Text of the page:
The beauty of Gargoyle to a Catholic geek like me is that it’s written for the 40 days of Lent, though you could read it in a few hours on a plane or on a sister-in-law’s comfy couch while cousins and siblings revel in each other’s presence (not that I know anyone who would read it that way).
On the surface, it’s not a hard read. In fact, you could skim through it and walk away.
I don’t think you’d be unchanged, though. I think it would work its way in, wiggle its way past your exterior, whip through your defenses and leave you wondering.
I mean, I don’t make that many mistakes and I‘m not tempted by those things.
Except I do. I am.
I could just as easily be the person those tempters are discussing and plotting to pull into the depths of hell.
I am that person.
Reading Screwtape Letters opened my eyes to the awareness of a personal tempter (or crew of them). Reading Gargoyle Code reminded me of the beauty of the sacraments to arm me for the battle they’re engaging me in.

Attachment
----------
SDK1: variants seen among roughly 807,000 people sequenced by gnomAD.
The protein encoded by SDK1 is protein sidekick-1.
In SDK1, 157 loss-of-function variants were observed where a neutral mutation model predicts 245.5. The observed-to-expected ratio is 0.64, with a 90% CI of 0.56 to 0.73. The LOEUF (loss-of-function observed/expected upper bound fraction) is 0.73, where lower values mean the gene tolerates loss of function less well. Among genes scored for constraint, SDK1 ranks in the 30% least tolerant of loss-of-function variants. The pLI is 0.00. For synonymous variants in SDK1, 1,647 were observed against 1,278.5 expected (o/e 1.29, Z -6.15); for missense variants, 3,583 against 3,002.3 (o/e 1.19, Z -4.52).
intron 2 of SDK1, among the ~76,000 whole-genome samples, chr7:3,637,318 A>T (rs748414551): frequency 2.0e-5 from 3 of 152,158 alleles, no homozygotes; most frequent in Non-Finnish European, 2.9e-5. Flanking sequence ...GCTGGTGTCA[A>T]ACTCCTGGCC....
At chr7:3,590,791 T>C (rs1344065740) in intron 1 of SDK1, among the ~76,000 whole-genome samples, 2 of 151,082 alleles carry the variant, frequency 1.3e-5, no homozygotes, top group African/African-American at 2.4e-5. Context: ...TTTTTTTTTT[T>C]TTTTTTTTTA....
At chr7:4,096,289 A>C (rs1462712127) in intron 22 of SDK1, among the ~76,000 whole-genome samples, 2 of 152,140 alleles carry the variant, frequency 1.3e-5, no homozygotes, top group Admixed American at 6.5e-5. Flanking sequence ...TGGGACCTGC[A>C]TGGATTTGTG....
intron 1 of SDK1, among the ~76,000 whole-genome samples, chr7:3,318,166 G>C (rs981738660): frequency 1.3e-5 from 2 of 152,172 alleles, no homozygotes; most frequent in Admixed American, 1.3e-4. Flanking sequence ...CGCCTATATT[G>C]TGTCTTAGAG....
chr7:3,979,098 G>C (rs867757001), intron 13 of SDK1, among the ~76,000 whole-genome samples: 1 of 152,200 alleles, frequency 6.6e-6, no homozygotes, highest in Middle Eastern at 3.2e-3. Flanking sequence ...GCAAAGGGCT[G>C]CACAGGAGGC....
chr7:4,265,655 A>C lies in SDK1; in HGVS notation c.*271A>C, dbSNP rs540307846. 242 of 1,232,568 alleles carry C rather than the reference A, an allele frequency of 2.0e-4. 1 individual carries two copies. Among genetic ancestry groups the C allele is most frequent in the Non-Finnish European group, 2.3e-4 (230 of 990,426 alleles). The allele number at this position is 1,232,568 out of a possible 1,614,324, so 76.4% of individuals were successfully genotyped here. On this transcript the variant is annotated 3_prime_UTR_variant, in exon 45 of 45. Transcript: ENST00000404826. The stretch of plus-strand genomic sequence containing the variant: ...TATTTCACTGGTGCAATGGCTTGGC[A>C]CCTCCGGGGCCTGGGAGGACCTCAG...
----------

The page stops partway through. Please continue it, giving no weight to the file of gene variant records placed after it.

As we leave the parade routes for 40 days of sacrifice, it’s hard not to dread the failure that’s looming. As we gorge on King Cakes and beignet today, the ashes are being prepared for tomorrow.
The journey to the Cross is right in front of us. Do you dread it as I do? Do you savor it as I do? Do you glean wisdom and lessons from it as I do?
So often, Lent is a time for me to bulk up at first and then fall flat on my face after about five minutes from the burden I’ve placed on my own back. In The Gargoyle Code, I have found a companion, one that works even when I don’t feel like reading or reflecting, one that will guide me away from my obsession with perfection. Here’s a book that is equal parts entertainer and instructor. It’s much a good book as it is a mentor for the challenge that’s always in front of me.